By Selwyn Duke
Today I'm going to respond to a reader who had a question relating to my last article, "Which Side Really Inspires Violence, the Right or Left?" Here is the email the reader, LR, sent:
Your latest column was well done; I like your inexorable logic. The question I'm asking is inspired by a "tidbit" in the article - the "turn the other cheek" reference. While I don't have a Bible in hand, I believe I can fairly well remember the passages I refer to. In Matthew, Jesus says, "Resist not evil ... turn the other cheek." In James, however, we are told, "Resist the devil and he will flee." Seemingly, these passages contradict one another, but I'm certain that the paradox can be reconciled. My question is, how would you do so? Thanks!
Thank you for writing. Your question is actually something I've long wanted to address, and here is my answer.
As G.K. Chesterton said while debating Clarence Darrow (of Scopes Monkey Trial fame) in 1931, "The Bible is a much bigger thing than the little thing some people try to make it." So many people — and I realize you're not among them, LR — diminish the Bible by insisting on viewing it literally. Now, while I lay no claim to being a biblical scholar, I realize that, like all works, it is rich in allegory, in figurative language. Additionally, many references in Scripture cannot be placed in context without understanding the cultural peculiarities of the times and places in which biblical figures lived.
In Matthew 5:38-39, Jesus says, "You have heard that it was said, 'An eye for an eye, and a tooth for a tooth.' But I tell you, do not resist an evil person. If someone strikes you on the right cheek, turn to him the other also."
Now, the question is, why did Jesus specify the right cheek? Was this an extraneous adjective? Or, like the word "Congress" in the First Amendment, is it an often overlooked word that places the passage in which it's found in perspective? Well, let's read what scholar Walter Wink wrote on the subject:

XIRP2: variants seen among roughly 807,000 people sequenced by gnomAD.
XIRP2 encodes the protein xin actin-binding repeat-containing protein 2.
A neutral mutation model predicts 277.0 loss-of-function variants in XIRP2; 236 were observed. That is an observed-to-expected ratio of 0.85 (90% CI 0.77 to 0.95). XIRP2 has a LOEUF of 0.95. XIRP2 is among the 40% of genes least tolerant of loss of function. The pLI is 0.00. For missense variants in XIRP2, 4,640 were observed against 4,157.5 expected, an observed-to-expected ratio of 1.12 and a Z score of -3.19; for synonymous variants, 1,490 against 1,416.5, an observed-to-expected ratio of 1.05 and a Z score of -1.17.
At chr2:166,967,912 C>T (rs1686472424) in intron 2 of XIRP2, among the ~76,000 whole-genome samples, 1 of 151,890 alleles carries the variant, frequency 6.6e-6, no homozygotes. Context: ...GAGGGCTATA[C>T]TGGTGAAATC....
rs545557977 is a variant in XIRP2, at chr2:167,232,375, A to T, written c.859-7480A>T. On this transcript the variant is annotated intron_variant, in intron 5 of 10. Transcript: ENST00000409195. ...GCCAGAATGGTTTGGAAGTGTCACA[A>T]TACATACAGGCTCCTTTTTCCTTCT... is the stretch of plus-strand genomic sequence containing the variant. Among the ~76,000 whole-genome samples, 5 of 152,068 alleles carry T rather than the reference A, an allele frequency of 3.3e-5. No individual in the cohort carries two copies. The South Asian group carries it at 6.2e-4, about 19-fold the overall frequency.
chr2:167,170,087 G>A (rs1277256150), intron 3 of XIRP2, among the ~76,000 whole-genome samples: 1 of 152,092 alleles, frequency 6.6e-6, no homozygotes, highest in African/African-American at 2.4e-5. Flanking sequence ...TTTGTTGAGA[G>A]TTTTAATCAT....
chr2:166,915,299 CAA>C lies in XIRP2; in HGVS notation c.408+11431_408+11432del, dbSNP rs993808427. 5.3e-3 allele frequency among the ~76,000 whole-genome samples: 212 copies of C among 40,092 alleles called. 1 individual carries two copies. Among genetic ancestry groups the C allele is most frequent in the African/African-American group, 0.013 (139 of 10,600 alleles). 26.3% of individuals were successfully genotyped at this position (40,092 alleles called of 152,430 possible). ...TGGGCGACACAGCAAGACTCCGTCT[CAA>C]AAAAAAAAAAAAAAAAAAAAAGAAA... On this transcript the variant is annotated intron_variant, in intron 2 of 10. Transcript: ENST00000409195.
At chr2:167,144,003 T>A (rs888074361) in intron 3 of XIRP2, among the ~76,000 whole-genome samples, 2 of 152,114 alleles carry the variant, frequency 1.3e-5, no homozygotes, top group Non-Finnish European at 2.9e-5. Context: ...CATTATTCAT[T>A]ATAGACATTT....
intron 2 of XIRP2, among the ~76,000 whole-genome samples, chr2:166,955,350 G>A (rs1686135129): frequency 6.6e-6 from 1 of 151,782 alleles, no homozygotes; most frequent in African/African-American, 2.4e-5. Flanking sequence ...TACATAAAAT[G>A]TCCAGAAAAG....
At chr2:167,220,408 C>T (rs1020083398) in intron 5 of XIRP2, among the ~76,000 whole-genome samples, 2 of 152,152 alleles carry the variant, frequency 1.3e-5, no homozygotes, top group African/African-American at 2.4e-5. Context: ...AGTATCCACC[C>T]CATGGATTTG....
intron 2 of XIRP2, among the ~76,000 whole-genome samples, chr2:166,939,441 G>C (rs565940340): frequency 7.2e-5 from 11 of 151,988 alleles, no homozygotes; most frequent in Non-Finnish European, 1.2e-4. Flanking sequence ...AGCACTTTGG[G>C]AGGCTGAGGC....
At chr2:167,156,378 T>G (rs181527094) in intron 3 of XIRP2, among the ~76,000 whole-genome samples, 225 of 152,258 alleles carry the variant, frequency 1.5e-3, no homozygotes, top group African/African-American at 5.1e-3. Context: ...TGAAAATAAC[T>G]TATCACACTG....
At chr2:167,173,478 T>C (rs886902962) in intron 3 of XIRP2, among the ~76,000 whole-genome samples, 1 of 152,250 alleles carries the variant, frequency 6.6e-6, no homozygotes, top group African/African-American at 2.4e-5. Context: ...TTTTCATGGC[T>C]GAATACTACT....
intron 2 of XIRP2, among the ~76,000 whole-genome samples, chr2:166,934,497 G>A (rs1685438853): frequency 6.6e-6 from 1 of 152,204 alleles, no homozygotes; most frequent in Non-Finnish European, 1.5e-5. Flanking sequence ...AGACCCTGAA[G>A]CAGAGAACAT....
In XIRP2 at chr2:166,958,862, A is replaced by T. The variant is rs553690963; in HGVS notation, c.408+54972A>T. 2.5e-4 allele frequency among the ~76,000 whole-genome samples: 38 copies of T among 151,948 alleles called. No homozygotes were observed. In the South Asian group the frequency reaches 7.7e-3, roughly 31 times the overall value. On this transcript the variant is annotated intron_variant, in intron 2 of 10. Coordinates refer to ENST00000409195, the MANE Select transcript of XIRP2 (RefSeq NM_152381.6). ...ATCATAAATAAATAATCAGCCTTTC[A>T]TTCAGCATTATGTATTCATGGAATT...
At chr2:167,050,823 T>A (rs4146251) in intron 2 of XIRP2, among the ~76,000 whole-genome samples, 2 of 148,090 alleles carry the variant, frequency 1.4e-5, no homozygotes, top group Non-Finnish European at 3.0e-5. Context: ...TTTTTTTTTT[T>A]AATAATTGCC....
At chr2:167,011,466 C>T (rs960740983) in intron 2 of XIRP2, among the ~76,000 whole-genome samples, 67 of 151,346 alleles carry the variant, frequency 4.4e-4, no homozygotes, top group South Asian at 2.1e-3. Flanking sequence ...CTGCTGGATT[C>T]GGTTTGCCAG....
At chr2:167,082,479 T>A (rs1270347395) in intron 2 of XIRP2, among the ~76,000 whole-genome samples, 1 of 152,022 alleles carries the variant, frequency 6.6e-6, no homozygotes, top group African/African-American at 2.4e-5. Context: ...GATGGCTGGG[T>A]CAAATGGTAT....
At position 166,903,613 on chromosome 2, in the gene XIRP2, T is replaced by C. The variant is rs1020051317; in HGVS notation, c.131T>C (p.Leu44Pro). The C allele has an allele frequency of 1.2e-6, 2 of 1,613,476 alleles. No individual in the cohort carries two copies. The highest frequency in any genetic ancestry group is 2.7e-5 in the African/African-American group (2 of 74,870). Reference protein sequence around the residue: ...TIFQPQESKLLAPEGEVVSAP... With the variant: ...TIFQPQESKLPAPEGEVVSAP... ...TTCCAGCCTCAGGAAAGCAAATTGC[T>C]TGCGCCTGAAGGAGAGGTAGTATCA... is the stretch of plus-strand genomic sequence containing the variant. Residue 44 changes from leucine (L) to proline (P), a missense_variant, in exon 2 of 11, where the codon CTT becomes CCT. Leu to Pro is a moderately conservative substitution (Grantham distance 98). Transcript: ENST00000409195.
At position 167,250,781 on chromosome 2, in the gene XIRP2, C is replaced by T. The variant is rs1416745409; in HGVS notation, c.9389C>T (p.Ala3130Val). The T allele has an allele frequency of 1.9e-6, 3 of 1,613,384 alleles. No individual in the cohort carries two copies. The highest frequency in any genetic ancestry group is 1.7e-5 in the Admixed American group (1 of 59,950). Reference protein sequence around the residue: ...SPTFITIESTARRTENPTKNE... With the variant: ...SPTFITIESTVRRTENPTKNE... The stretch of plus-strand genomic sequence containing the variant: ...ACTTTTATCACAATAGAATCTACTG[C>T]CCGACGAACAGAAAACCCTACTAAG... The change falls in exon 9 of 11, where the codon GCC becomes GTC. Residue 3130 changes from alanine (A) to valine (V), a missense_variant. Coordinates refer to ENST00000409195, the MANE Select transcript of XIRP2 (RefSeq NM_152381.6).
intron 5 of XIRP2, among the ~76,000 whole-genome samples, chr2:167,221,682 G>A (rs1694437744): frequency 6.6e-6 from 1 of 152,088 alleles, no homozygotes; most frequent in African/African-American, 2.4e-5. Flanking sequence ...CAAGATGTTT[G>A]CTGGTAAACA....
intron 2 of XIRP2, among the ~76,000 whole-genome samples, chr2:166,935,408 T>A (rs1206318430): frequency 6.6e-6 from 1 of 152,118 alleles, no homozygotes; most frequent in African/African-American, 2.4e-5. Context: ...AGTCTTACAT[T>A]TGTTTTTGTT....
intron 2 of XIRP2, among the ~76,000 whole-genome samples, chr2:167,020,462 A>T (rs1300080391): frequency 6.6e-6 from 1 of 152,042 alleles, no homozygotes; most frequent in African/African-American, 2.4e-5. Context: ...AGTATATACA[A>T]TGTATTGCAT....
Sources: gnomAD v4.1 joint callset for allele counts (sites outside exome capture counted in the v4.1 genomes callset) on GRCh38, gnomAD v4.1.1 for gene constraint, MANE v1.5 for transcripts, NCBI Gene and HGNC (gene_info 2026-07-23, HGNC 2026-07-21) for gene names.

What we are dealing with here is unmistakably an insult, not a fistfight. The intention is not to injure but to humiliate, to put someone in his or her place. One normally did not strike a peer in this way, and, if one did, the fine was exorbitant (four zuz was the fine for a blow to a peer with a fist, 400 zuz for backhanding him; but to an underling, no penalty whatever). A backhand slap was the normal way of admonishing inferiors. Masters backhanded slaves; husbands, wives; parents, children; men, women; Romans, Jews.
Thus, if this interpretation is correct (and it has long been my understanding), Jesus was not advising sheep-like passivity; rather, he was providing the oppressed with a tactic for effective defiance. Obviously, there was no ACLU in Roman times; an inferior couldn't drag Pontius Pilate into court. And violent resistance was futile and could mean your death. So Jesus' prescription was perhaps people's only recourse, and it was brilliant.
Think about it: You're a Jew and you've been backhanded on your right cheek by a Roman soldier. By turning the left to him, you're turning the tables on him — in a sense. You're sending the message that you've retained your dignity, that you won't be cowed or demeaned. Now, what is the soldier to do? Those cultural and legal proscriptions prevent him from backhanding you with his left hand on your left cheek, which you've now presented to him, and if he strikes you normally with his right fist, he is then treating you as an equal. And this would defeat the purpose of the strike. As Wink wrote, ". . . the whole point of the back of the hand is to reinforce the caste system and its institutionalized inequality." And whether or not the tactic was foolproof isn't the issue. The point is that it provided powerless people with some recourse.
When viewed in this light, it's apparent that "turn the other cheek" doesn't contradict "Resist the Devil and he will flee" but reinforces it. They both involve opposing evil; however, while the latter is a rather general statement, the former is a specific one advocating a tactic relevant in a certain time, place and culture.
So we should all understand that we have a duty to try to thwart evil. Of course, how that can best be done in a given situation is a different matter.
© 2009 Selwyn Duke — All Rights Reserved